Karl Perry watched the violent exchange between teens and police officers in the streets surrounding Mondawmin Mall on April 27 with dismay and disappointment.
After the rioting sparked by the death of Freddie Gray, the Edmondson-Westside High School principal sent a scathing email to the school system's ombudsman, asserting that school system leaders searching for answers needed to look in the mirror.
He blamed a "soft code of conduct" as a "significant contributor to the mayhem."
"There is a sense of lawlessness in many schools now because principals have been trained to turn the other cheek and accept any type of crime in our schools," Perry wrote. "What I am going to do … is return to zero-tolerance enforcement of my expectations for appropriate behaviors."
Two months later, city schools CEO Gregory Thornton named Perry chief school supports officer, overseeing attendance, suspensions, enrollment, athletics and school police. The job includes a mission to help principals improve the school environment.
"My city was in crisis," Perry said. "I had the opportunity to reshape the mindset of Baltimore City schools, and that will then reshape our communities."
Thornton said it wasn't Perry's harsh assessment of school discipline, but his track record for improving it that got him the job.
The CEO cited Perry's ability to engage students in a way that convinced them to "take ownership of their education and their actions." He said he wants Perry to make that a priority for the entire district.
"He's able to comprehensively look at the whole child, which is very important to me," Thornton said. "With that comes high expectations, and I saw those alive in his school."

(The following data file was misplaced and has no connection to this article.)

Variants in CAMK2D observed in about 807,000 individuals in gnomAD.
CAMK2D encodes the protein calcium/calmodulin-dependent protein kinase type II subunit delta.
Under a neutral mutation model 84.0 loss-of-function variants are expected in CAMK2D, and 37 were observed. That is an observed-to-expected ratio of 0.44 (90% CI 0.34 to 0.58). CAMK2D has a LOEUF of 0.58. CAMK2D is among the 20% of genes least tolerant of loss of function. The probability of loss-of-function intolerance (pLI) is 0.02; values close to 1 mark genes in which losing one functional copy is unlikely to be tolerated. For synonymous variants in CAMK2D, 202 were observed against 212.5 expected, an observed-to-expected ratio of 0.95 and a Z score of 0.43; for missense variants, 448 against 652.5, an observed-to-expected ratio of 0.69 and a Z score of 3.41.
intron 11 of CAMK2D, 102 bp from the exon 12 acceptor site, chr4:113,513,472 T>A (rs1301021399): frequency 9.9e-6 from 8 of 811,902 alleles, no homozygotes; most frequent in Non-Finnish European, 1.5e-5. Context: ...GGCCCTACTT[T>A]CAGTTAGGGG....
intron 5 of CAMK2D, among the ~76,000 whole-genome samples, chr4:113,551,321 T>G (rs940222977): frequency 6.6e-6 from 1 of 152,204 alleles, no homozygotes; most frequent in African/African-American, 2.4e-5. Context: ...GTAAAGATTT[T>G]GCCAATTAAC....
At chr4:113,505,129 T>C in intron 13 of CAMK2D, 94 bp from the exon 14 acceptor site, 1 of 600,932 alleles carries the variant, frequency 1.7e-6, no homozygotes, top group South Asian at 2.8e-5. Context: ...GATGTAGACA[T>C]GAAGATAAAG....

Perry, 48, worked his way through the ranks of the school system over a 23-year career, from classroom teacher to principal.
In his new post, the third-generation educator's goals include implementing peer mediation among students in every school, expanding youth leadership opportunities and creating a new school policing strategy. He also encourages schools to form partnerships with churches in their communities.
Perry also said it's time for a gut check. While the April rioting, which followed Gray's death from an injury sustained while in police custody, spread across the city and involved more than just students, he said schools can play a role in preventing future unrest.
"We can address all of these issues we're seeing in our city — riots, crime — by the culture we establish in our schools," he said.
Soft-spoken and unassuming, Perry is known to former students and parents for his cool "swagger" and for creating a school culture where proper conduct isn't just dictated by a code, but is a way of life.
Derrick Tate, a 2014 Edmondson graduate who now attends college in upstate New York, said Perry and students operated with mutual respect.
"He always gave us time and space — but always said in the classroom, it's about business," Tate said, "We never really had to see his mean side, because we never wanted to disappoint him."
Tate recalled Perry issuing a diploma to the family of a student who was killed just before graduation. He also said Perry kept his word after promising students that they could hold their prom at M&T Bank Stadium if the Class of 2014 maintained a high GPA.
"We held up our part, and he held up his part," Tate said. "That's how it was with everything."